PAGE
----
The difficulties posed by the 20-Year Rule demonstrate the persistent obstacles encountered by undocumented migrants in the UK. They underscore the urgency for more comprehensive and equitable immigration policies that ensure both immediate and long-term stability and security for individuals who have made the UK their home.

Securing a Better Future for Undocumented Members of British Society

Undocumented migrants are a vital part of UK society, making significant contributions to the workforce, economy, social and cultural fabric of the country. Many work in essential, low-paid and often high-risk jobs in sectors such as construction, domestic and care-work, hospitality and agriculture, pay taxes in various ways including through the purchase of goods and services, and contribute to the country’s cultural diversity.

“The fallacy that individual legitimacy within a nation’s borders is somehow ‘earned’ from tax contributions and ‘weakened’ by use of the benefits system is doubly false: firstly, such barriers to perceived legitimacy are entirely state-imposed and, secondly, the structure of the UK tax system means that contributions are made through a range of activities (such as VAT on purchases for goods and services, joint council tax contributions, and other indirect taxes) which are entirely applicable to undocumented migrants. Meanwhile, in some circumstances, undocumented migrants are subject to income tax and national insurance contributions even though their access to welfare benefits like income or housing support remains out of reach due to exclusionary immigration policies, rules and conditions like ‘No Recourse to Public Funds’.” – Regularise Team, Building Back Better with Undocumented People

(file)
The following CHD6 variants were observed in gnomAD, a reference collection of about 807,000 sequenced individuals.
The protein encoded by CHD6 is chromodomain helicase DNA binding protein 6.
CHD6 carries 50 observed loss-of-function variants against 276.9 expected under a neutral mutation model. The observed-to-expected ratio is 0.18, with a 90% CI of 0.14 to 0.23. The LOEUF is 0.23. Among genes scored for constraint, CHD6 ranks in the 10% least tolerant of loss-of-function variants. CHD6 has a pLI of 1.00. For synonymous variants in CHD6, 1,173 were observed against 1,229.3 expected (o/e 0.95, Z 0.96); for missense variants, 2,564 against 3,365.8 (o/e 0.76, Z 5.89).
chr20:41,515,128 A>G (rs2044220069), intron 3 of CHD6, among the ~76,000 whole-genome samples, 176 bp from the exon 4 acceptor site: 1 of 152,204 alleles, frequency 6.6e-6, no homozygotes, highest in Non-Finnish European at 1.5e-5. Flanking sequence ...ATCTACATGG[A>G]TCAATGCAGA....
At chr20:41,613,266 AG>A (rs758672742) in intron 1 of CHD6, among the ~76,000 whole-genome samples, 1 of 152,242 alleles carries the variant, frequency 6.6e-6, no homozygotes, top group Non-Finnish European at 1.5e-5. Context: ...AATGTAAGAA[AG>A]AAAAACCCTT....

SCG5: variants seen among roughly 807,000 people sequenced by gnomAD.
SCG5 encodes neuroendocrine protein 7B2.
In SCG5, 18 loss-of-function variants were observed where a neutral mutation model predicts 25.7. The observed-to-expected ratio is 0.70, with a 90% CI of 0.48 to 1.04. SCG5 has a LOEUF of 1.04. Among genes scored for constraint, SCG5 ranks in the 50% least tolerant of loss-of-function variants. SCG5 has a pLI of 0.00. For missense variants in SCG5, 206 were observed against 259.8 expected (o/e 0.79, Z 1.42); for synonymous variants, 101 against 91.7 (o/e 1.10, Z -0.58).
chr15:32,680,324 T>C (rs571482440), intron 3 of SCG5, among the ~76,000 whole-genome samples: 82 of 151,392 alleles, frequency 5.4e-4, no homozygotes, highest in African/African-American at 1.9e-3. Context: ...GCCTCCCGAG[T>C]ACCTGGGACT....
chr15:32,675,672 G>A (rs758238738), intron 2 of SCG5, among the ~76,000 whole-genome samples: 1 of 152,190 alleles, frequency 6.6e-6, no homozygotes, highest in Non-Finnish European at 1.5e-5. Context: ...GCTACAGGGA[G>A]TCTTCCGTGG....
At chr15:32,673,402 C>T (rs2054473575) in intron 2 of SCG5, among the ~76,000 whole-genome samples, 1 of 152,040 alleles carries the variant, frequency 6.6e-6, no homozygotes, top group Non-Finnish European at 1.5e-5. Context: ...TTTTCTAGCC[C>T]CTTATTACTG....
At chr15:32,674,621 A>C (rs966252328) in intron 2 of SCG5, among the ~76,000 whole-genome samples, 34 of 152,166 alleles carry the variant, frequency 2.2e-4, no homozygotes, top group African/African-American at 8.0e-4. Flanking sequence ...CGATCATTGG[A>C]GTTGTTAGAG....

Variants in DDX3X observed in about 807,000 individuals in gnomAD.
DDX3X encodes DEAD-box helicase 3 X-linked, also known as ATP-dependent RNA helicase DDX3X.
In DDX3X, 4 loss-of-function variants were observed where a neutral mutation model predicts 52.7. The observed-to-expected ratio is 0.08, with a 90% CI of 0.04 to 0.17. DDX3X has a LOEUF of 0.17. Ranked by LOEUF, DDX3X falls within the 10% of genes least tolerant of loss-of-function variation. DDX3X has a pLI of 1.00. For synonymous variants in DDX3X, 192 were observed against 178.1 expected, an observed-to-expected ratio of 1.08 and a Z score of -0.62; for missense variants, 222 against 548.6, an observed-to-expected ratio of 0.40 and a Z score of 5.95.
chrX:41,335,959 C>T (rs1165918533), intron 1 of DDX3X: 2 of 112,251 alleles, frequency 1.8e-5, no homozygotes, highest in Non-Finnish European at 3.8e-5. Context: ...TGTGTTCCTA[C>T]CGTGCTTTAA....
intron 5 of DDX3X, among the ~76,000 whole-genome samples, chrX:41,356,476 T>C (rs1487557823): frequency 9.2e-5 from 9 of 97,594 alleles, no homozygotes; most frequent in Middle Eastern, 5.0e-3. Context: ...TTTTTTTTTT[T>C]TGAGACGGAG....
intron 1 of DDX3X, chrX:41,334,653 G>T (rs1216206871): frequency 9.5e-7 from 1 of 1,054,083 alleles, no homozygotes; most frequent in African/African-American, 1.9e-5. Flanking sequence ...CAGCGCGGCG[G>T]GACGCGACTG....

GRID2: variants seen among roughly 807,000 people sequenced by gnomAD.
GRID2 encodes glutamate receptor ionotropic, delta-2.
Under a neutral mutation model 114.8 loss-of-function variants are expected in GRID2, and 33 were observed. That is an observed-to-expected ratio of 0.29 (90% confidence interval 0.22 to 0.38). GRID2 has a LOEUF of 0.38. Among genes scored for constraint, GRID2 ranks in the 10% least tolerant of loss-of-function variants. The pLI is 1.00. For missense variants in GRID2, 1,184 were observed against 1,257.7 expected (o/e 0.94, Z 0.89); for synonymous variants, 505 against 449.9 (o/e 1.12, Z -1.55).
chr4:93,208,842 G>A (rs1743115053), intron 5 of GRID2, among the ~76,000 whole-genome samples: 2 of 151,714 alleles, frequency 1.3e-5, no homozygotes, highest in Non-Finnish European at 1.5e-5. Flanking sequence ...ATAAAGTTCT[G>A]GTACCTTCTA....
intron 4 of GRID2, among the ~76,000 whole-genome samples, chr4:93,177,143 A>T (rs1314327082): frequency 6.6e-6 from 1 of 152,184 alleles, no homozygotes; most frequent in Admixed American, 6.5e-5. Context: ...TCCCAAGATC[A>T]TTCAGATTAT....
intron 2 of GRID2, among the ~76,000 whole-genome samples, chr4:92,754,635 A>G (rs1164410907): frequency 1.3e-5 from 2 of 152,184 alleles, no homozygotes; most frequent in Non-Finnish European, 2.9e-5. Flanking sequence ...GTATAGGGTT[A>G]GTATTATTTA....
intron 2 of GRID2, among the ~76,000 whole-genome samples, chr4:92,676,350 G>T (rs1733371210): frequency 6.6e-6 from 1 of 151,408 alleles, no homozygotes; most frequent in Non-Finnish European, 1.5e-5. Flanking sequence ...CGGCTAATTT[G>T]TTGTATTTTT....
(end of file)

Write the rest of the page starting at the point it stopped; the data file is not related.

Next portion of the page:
That said, providing more secure and accessible pathways to regularisation and citizenship would not only improve the lives of undocumented migrants, but also benefit migrant communities and society as a whole. Adopting Regularise’s recommendations would give these migrants a sense of security, allowing them to live and work without fear; contribute to their integration into society by unlocking their civic participation, leading to potential improvements in social relations locally, domestically, and globally. They would also be able to access essential services like universal healthcare and tertiary education, access better-paid jobs and strengthen labour rights, and contribute to the economy through increased tax contributions, spending power and untethered potential for innovation. The regularisation of undocumented people’s immigration status in an equitable manner would enable them to enjoy and embrace their human rights, making them dignified members of society and, in the long-term, strengthen our communities and society through the upholding of rights for all and the collective embodiment of justice and inclusion.